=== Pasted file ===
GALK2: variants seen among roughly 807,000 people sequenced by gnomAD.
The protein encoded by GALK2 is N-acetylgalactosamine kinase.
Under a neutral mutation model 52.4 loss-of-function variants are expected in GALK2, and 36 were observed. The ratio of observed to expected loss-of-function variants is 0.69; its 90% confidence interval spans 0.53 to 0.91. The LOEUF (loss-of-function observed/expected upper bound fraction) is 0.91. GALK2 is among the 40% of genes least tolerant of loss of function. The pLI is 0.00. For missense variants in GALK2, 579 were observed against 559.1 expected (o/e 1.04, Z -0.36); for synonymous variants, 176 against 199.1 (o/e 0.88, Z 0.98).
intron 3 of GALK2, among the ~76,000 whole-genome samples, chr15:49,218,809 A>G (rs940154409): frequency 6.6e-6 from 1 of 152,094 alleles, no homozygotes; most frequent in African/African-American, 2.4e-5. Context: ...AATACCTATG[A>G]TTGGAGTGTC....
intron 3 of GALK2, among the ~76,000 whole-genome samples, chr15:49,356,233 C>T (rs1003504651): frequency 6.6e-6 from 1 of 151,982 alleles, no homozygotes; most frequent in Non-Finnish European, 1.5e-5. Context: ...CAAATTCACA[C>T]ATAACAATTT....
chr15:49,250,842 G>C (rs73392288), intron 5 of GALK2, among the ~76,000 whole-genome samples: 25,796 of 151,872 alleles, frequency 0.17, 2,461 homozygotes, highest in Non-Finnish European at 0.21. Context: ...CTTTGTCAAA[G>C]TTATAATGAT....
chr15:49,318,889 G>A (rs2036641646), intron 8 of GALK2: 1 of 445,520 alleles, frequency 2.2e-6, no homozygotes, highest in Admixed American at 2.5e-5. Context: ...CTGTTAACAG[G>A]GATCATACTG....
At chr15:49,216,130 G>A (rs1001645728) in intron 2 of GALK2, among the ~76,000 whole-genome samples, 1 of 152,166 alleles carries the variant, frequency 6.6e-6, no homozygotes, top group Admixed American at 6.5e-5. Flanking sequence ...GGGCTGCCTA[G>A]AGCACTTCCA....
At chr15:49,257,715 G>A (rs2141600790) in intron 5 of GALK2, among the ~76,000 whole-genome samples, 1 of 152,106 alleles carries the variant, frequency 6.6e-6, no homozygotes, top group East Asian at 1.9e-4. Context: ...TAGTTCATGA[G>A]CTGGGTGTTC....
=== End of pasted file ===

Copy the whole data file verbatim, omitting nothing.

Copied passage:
GALK2: variants seen among roughly 807,000 people sequenced by gnomAD.
The protein encoded by GALK2 is N-acetylgalactosamine kinase.
Under a neutral mutation model 52.4 loss-of-function variants are expected in GALK2, and 36 were observed. The ratio of observed to expected loss-of-function variants is 0.69; its 90% confidence interval spans 0.53 to 0.91. The LOEUF (loss-of-function observed/expected upper bound fraction) is 0.91. GALK2 is among the 40% of genes least tolerant of loss of function. The pLI is 0.00. For missense variants in GALK2, 579 were observed against 559.1 expected (o/e 1.04, Z -0.36); for synonymous variants, 176 against 199.1 (o/e 0.88, Z 0.98).
intron 3 of GALK2, among the ~76,000 whole-genome samples, chr15:49,218,809 A>G (rs940154409): frequency 6.6e-6 from 1 of 152,094 alleles, no homozygotes; most frequent in African/African-American, 2.4e-5. Context: ...AATACCTATG[A>G]TTGGAGTGTC....
intron 3 of GALK2, among the ~76,000 whole-genome samples, chr15:49,356,233 C>T (rs1003504651): frequency 6.6e-6 from 1 of 151,982 alleles, no homozygotes; most frequent in Non-Finnish European, 1.5e-5. Context: ...CAAATTCACA[C>T]ATAACAATTT....
chr15:49,250,842 G>C (rs73392288), intron 5 of GALK2, among the ~76,000 whole-genome samples: 25,796 of 151,872 alleles, frequency 0.17, 2,461 homozygotes, highest in Non-Finnish European at 0.21. Context: ...CTTTGTCAAA[G>C]TTATAATGAT....
chr15:49,318,889 G>A (rs2036641646), intron 8 of GALK2: 1 of 445,520 alleles, frequency 2.2e-6, no homozygotes, highest in Admixed American at 2.5e-5. Context: ...CTGTTAACAG[G>A]GATCATACTG....
At chr15:49,216,130 G>A (rs1001645728) in intron 2 of GALK2, among the ~76,000 whole-genome samples, 1 of 152,166 alleles carries the variant, frequency 6.6e-6, no homozygotes, top group Admixed American at 6.5e-5. Flanking sequence ...GGGCTGCCTA[G>A]AGCACTTCCA....
At chr15:49,257,715 G>A (rs2141600790) in intron 5 of GALK2, among the ~76,000 whole-genome samples, 1 of 152,106 alleles carries the variant, frequency 6.6e-6, no homozygotes, top group East Asian at 1.9e-4. Context: ...TAGTTCATGA[G>A]CTGGGTGTTC....